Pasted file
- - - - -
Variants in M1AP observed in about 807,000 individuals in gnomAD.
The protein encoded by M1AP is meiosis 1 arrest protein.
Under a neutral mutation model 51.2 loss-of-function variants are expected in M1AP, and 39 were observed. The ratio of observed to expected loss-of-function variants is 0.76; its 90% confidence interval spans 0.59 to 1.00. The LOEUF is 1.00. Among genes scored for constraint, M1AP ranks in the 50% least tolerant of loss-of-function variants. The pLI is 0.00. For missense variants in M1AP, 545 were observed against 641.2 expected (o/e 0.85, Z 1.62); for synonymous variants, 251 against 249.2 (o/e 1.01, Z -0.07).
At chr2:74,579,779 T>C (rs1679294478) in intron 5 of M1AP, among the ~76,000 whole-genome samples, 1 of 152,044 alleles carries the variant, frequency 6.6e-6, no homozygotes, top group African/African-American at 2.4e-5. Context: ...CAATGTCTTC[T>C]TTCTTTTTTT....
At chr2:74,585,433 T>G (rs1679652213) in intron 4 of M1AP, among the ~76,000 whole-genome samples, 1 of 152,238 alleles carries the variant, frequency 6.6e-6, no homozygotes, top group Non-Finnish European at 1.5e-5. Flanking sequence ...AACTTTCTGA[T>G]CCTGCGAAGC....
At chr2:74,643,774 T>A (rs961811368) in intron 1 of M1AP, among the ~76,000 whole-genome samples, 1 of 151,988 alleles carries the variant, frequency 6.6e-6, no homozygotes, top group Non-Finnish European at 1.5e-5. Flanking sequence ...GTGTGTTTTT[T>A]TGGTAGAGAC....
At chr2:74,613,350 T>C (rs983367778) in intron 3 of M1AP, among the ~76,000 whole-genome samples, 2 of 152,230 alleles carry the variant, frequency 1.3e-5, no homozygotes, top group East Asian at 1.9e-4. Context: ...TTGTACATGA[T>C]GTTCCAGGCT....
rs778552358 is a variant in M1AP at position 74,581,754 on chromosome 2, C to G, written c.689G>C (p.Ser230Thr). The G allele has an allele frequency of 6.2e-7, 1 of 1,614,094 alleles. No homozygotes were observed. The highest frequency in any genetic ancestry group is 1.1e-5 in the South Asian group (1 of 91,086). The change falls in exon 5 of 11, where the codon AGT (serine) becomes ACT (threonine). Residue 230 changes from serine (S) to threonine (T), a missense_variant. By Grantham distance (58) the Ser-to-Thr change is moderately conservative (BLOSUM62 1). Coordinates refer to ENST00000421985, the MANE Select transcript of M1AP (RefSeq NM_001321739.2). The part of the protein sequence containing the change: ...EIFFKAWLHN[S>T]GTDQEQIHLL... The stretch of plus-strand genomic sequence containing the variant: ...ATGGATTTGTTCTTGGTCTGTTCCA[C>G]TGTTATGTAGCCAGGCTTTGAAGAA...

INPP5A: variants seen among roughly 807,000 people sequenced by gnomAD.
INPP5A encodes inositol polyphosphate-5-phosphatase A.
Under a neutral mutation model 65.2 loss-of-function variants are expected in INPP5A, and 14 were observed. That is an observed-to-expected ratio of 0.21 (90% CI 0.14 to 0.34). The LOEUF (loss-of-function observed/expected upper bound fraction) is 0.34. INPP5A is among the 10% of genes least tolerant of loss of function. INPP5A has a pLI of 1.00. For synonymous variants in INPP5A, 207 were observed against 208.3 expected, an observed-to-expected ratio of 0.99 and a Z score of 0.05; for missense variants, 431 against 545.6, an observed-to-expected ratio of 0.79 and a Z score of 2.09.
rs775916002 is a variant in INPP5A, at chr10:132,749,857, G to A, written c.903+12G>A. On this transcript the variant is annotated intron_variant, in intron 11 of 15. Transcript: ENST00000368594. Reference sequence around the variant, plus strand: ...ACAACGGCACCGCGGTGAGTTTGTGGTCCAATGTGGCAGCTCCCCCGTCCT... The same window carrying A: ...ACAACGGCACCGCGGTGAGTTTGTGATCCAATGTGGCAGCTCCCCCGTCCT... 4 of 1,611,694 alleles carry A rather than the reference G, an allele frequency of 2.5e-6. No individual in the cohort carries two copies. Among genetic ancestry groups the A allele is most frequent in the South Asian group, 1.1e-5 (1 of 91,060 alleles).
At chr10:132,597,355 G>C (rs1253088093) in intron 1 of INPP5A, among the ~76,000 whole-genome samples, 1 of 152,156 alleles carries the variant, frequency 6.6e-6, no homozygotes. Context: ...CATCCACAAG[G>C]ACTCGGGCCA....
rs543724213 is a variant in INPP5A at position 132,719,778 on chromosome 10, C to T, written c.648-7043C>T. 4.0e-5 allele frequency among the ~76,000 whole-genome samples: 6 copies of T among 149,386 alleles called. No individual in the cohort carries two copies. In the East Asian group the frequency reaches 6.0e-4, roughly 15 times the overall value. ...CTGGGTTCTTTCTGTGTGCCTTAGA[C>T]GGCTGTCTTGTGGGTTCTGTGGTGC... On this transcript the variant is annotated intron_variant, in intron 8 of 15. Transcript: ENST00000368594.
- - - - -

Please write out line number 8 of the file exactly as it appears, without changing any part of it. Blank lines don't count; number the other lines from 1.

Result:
rs778552358 is a variant in M1AP at position 74,581,754 on chromosome 2, C to G, written c.689G>C (p.Ser230Thr). The G allele has an allele frequency of 6.2e-7, 1 of 1,614,094 alleles. No homozygotes were observed. The highest frequency in any genetic ancestry group is 1.1e-5 in the South Asian group (1 of 91,086). The change falls in exon 5 of 11, where the codon AGT (serine) becomes ACT (threonine). Residue 230 changes from serine (S) to threonine (T), a missense_variant. By Grantham distance (58) the Ser-to-Thr change is moderately conservative (BLOSUM62 1). Coordinates refer to ENST00000421985, the MANE Select transcript of M1AP (RefSeq NM_001321739.2). The part of the protein sequence containing the change: ...EIFFKAWLHN[S>T]GTDQEQIHLL... The stretch of plus-strand genomic sequence containing the variant: ...ATGGATTTGTTCTTGGTCTGTTCCA[C>G]TGTTATGTAGCCAGGCTTTGAAGAA...